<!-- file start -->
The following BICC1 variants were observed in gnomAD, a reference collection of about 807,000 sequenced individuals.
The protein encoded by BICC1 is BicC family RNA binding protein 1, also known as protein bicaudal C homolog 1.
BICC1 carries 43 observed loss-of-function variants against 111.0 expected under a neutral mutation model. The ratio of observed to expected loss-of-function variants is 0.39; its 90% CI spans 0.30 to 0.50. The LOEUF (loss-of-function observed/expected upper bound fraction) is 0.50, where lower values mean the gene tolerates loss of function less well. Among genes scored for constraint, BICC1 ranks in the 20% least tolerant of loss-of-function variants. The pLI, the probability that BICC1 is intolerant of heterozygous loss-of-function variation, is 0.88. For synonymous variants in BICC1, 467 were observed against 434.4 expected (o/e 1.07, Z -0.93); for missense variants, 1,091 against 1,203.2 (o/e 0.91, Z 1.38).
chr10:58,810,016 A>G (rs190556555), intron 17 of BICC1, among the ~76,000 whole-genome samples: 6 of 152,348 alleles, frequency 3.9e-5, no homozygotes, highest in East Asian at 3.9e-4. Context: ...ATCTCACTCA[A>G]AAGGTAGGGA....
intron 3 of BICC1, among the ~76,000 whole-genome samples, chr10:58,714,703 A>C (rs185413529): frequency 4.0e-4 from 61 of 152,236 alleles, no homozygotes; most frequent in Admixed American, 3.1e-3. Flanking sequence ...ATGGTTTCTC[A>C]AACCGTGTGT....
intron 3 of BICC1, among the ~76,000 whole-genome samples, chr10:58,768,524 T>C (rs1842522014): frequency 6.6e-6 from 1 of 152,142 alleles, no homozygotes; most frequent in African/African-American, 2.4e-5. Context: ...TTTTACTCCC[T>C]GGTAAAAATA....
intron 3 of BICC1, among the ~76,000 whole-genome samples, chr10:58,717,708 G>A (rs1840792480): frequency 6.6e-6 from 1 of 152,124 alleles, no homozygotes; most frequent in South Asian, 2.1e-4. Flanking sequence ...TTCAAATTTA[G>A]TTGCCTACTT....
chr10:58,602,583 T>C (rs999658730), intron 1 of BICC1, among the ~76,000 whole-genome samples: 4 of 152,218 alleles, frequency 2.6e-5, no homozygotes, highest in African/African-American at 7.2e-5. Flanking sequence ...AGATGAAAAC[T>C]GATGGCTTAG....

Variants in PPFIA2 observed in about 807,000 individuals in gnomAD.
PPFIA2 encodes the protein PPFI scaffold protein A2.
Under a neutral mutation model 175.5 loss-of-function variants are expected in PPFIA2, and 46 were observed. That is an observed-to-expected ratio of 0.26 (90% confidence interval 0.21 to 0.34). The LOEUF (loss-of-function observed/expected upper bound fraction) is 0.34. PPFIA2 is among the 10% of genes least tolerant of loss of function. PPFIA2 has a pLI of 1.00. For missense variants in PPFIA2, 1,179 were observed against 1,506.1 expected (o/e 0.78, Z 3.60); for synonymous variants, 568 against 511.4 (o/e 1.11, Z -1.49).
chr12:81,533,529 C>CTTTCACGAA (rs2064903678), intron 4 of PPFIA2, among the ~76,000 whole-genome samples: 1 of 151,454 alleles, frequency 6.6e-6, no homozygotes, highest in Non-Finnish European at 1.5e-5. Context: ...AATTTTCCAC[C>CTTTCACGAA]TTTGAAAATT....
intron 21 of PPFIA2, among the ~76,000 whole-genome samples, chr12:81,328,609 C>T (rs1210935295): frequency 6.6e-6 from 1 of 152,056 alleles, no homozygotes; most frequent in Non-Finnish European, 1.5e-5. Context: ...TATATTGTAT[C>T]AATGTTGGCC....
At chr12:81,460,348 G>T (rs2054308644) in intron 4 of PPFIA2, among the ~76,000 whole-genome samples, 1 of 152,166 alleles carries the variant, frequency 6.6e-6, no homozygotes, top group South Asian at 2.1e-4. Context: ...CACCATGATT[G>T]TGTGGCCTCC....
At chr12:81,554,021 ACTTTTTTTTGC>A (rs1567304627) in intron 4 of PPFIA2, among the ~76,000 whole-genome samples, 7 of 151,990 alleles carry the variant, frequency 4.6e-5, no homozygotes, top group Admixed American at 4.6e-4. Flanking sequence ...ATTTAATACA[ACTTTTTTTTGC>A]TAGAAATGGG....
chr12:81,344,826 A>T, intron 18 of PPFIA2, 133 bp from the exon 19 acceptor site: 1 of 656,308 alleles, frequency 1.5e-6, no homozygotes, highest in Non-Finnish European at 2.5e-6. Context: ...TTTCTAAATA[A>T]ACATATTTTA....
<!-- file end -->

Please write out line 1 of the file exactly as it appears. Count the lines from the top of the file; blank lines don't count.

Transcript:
The following BICC1 variants were observed in gnomAD, a reference collection of about 807,000 sequenced individuals.